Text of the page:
Welcome back to B2B Auth School. Our mission is to help B2B companies’ uplevel their understanding and implementation of user authentication technologies. Our first series of posts is dedicated to single sign on (SSO). This article is lesson seven, and the final lesson in this series.
Lesson one | Introducing B2B Auth School
Lesson two | Organization tenancy: the foundation of SSO and B2B data models
Lesson three | What is single sign on?
Lesson four | SSO protocols: SAML vs OIDC
Lesson five | What is OpenID Connect (OIDC)?
Lesson six | What is SAML and how does it work?
Lesson seven | How to choose your B2B auth provider
In the previous lesson, we took a close look at Security Assertion Markup Language – the current legacy protocol for handling single sign on (SSO). We looked at SAML’s origins, its benefits, and the anatomy and quirks of SAML messages – including their core components and common challenges and footguns.
To conclude this series of B2B Auth School, today we’re going to take a step back and walk through the decision of choosing a B2B auth provider – what you need to consider, what you need to ask, and how to choose a provider that will support your product in the long term.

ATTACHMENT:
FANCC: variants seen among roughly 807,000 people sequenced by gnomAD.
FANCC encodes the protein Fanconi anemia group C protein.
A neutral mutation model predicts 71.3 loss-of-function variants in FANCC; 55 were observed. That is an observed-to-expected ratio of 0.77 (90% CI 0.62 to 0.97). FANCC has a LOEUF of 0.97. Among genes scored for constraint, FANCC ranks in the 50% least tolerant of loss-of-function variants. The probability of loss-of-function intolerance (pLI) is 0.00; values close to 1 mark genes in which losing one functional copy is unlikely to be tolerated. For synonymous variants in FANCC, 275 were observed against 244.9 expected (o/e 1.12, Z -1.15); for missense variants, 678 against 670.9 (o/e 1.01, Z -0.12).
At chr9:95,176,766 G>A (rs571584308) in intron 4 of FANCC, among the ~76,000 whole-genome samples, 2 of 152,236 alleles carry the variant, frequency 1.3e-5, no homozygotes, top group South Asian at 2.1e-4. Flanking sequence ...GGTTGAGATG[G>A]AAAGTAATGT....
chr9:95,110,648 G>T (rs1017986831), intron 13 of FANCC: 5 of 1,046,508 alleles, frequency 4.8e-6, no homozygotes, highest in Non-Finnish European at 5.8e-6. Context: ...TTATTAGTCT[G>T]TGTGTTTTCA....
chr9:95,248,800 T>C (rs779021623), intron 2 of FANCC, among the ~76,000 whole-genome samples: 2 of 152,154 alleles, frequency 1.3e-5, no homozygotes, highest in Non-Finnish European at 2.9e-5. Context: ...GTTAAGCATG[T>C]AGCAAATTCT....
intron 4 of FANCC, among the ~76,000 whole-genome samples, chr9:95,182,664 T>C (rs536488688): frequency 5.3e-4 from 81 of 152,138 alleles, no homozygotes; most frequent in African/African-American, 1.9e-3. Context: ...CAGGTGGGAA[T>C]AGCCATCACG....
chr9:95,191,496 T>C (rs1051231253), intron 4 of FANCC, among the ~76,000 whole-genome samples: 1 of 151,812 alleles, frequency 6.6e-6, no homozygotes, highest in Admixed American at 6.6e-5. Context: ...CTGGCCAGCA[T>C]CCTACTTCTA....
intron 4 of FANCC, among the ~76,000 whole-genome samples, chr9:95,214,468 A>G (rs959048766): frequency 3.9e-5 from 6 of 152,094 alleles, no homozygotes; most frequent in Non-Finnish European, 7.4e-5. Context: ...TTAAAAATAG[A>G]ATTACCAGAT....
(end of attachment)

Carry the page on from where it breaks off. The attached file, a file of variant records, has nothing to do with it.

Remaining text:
Building your B2B auth profile
Because B2B businesses are so diverse, there’s no one-size fits all checklist for a B2B auth provider.
BUT, all B2B companies can arm themselves for conversations with potential auth providers by taking a thorough inventory of their customer’s needs and expectations. Hint: it’s not just about SAML vs. OIDC!
To choose the right auth provider for your B2B company, you need to develop two key customer profiles: one for the customers you have today, and the other for the customers you intend to have in the next year to five years.
1. How do my customers need to operate? How are they organized?
- How do they currently handle identity management? Do they use an identity provider that’s on-prem or in the cloud?
- Are their organizational and management structures complex? Do they have multiple personas, roles, teams, and departments using your application with different permissions and authorizations?
- How do they manage, provision, and deprovision their corporate accounts for their employees? Do they also have accounts for consultants, contractors, and other third-party members?